The NGA employees moved in January. "Because of the construction of the last 1.8 miles of the Fairfax County Parkway between I-95 and Springfield/Franxconia portion of the Parkway, I think there have been next to no [traffic] issues. I have yet to see a report to date that says we've had any kind of a traffic congestion going in or out of the National Geospatial Intelligence Agency," Moffatt said.
Bus Service and Staggered Schedules
It is widely agreed that many roadways will not be able to accomodate rising demand and that mass transportation in largely unavailable around Mark Center and other Belvoir properties.
At Mark Center, the Army is trying to encourage ride-sharing with a 3,800 space parking garage - enough room for 60 percent of the 6,400 WHS employees.
“Single occupancy vehicles are always a challenge,” Moffatt said. “We have to have a more robust road network because not everybody is going to feel like they can drive miles from their house to a metro stop, pay for that, go ride the metro and change lines and then walk a few hundred yards to their office building every day. I think we can get to the point where you can get people to do that a couple of times a week, and then with other things like alternate work schedules- like one day a pay period you don't work because you made up the hours in the other nine days in the pay period.”
Metrobus recently announced a line to run from the Franconia-Springfield Metro Station to Fort Belvoir and another to run from the Pentagon to Mark Center.
“Internally, the garrison is trying to publicize [the bus line] in all fashions, but we're going to work with Fairfax County and really promote this to get more of our folks who live in Stafford, Spotsylvania, Prince William County to use VRE [Virginia Railway Express] up to the Metro, go to that spot and we'll take them the rest of the way,” Moffatt said. “Mondays and Fridays are fairly light at our gates. It's the Tuesdays, Wednesdays and Thursdays that are up-tempo, because more people are going to the office. If we can figure out how to use those days for tele-work scenarios or longer days to get you off the standard 6:00-8:30 in the morning rush and the 3:30-6:00 evening rush, then we're better off.”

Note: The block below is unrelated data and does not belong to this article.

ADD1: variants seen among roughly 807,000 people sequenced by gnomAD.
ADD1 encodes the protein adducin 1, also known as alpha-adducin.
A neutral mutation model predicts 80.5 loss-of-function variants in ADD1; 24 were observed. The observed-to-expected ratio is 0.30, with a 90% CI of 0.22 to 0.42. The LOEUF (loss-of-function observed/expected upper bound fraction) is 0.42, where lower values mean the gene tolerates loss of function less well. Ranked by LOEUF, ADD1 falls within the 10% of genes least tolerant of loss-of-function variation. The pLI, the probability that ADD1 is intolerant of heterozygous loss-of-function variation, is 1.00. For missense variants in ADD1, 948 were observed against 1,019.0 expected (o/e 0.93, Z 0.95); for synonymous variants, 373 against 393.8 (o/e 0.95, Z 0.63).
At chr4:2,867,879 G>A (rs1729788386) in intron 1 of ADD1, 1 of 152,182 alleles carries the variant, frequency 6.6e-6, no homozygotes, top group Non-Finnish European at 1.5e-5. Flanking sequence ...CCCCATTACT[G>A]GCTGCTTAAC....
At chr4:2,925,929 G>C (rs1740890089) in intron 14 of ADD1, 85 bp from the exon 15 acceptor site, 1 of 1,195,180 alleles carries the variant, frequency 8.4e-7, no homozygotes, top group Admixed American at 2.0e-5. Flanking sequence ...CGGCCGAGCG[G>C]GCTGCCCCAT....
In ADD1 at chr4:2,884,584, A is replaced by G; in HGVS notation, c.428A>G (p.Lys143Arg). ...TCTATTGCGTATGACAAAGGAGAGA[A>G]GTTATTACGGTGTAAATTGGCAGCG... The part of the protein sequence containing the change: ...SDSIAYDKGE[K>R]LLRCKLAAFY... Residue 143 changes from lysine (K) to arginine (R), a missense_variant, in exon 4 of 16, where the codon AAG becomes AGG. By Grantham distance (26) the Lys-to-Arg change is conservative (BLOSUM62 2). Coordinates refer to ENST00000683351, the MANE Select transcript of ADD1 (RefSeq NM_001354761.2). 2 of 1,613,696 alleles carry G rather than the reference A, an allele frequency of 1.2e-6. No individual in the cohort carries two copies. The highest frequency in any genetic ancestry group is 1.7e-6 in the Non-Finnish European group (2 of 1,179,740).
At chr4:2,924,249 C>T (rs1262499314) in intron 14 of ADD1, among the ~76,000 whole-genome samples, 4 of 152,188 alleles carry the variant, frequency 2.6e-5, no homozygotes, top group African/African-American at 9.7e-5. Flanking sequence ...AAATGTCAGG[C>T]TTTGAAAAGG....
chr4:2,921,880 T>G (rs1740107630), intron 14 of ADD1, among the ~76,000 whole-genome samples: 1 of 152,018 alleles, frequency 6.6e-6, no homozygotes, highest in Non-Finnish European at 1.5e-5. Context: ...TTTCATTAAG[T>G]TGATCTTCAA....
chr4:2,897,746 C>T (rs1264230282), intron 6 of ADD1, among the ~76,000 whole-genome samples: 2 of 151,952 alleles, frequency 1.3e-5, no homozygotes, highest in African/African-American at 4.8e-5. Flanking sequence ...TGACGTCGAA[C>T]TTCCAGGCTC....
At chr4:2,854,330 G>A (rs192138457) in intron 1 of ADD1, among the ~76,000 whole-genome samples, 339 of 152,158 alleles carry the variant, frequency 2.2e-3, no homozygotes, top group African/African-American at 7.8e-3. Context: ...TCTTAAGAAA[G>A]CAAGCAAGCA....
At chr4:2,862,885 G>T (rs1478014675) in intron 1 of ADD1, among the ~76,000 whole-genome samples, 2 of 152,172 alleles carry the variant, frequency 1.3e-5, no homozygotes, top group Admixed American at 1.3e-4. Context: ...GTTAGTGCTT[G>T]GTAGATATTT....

An "Opportunity of a Lifetime"
Moffatt has been Deputy Garrison Commander since 2007. "I was extended for a fourth year and I was extended again to complete BRAC," he said. "Once I finish the last phases of BRAC, I'll be due to be sent somewhere else in the military… probably next summer at some point."
Moffatt began his career at Belvoir in 1984. "I was here for my basic training… I used to do physical training in the parking lot and on these sleepy, quiet roads of Fort Belvoir,” he said. “Now, Fort Belvoir is going to be a very modern installation - a stone's throw from Washington, D.C. and the Pentagon because it needs to support these agencies.”
Moffatt estimates it will take five years to straighten the transportation issues. "Yes, it is burdensome for the Mayor of the City of Alexandria because of the dynamics he's faced with. It's a challenge for the State Secretary of Transportation because of everything he's pounded on regarding any major roadway in this area - and Fort Belvoir touches all of them - Route 1, the Fairfax County Parkway, Interstates 95 and 395. I understand where they are coming from. But from my foxhole, this was the opportunity of a lifetime to be able to make a real difference and there are a lot of very proud people here at Fort Belvoir.”